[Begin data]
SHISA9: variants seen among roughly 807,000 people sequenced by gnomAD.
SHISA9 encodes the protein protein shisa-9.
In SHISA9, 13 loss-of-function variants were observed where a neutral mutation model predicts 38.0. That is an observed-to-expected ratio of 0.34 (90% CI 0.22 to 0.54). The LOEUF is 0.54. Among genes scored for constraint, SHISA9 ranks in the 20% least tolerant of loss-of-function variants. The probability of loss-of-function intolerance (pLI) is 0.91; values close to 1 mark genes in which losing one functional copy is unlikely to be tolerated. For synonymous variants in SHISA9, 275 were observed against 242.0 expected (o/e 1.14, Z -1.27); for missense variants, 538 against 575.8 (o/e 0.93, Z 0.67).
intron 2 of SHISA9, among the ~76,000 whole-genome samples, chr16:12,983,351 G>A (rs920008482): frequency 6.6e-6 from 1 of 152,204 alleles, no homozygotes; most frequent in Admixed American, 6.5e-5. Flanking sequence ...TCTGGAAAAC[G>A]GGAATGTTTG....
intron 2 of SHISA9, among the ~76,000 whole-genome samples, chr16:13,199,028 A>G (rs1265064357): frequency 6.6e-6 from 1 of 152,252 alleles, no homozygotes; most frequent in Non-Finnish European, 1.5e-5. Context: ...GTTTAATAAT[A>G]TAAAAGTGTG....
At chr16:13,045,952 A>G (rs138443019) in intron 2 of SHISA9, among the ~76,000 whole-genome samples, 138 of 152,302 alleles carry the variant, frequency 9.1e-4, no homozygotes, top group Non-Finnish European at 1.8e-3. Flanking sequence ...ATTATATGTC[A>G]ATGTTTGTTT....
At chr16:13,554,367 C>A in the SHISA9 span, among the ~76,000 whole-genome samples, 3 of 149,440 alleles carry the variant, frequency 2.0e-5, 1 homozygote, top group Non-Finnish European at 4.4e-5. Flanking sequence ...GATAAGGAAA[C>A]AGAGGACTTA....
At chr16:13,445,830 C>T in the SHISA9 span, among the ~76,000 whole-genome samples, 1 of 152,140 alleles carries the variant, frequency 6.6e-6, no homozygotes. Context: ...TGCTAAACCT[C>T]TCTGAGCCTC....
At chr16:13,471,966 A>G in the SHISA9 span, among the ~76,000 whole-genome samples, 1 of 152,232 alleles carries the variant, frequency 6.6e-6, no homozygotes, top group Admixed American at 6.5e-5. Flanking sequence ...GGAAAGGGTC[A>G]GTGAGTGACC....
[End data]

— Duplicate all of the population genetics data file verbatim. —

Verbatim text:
SHISA9: variants seen among roughly 807,000 people sequenced by gnomAD.
SHISA9 encodes the protein protein shisa-9.
In SHISA9, 13 loss-of-function variants were observed where a neutral mutation model predicts 38.0. That is an observed-to-expected ratio of 0.34 (90% CI 0.22 to 0.54). The LOEUF is 0.54. Among genes scored for constraint, SHISA9 ranks in the 20% least tolerant of loss-of-function variants. The probability of loss-of-function intolerance (pLI) is 0.91; values close to 1 mark genes in which losing one functional copy is unlikely to be tolerated. For synonymous variants in SHISA9, 275 were observed against 242.0 expected (o/e 1.14, Z -1.27); for missense variants, 538 against 575.8 (o/e 0.93, Z 0.67).
intron 2 of SHISA9, among the ~76,000 whole-genome samples, chr16:12,983,351 G>A (rs920008482): frequency 6.6e-6 from 1 of 152,204 alleles, no homozygotes; most frequent in Admixed American, 6.5e-5. Flanking sequence ...TCTGGAAAAC[G>A]GGAATGTTTG....
intron 2 of SHISA9, among the ~76,000 whole-genome samples, chr16:13,199,028 A>G (rs1265064357): frequency 6.6e-6 from 1 of 152,252 alleles, no homozygotes; most frequent in Non-Finnish European, 1.5e-5. Context: ...GTTTAATAAT[A>G]TAAAAGTGTG....
At chr16:13,045,952 A>G (rs138443019) in intron 2 of SHISA9, among the ~76,000 whole-genome samples, 138 of 152,302 alleles carry the variant, frequency 9.1e-4, no homozygotes, top group Non-Finnish European at 1.8e-3. Flanking sequence ...ATTATATGTC[A>G]ATGTTTGTTT....
At chr16:13,554,367 C>A in the SHISA9 span, among the ~76,000 whole-genome samples, 3 of 149,440 alleles carry the variant, frequency 2.0e-5, 1 homozygote, top group Non-Finnish European at 4.4e-5. Flanking sequence ...GATAAGGAAA[C>A]AGAGGACTTA....
At chr16:13,445,830 C>T in the SHISA9 span, among the ~76,000 whole-genome samples, 1 of 152,140 alleles carries the variant, frequency 6.6e-6, no homozygotes. Context: ...TGCTAAACCT[C>T]TCTGAGCCTC....
At chr16:13,471,966 A>G in the SHISA9 span, among the ~76,000 whole-genome samples, 1 of 152,232 alleles carries the variant, frequency 6.6e-6, no homozygotes, top group Admixed American at 6.5e-5. Flanking sequence ...GGAAAGGGTC[A>G]GTGAGTGACC....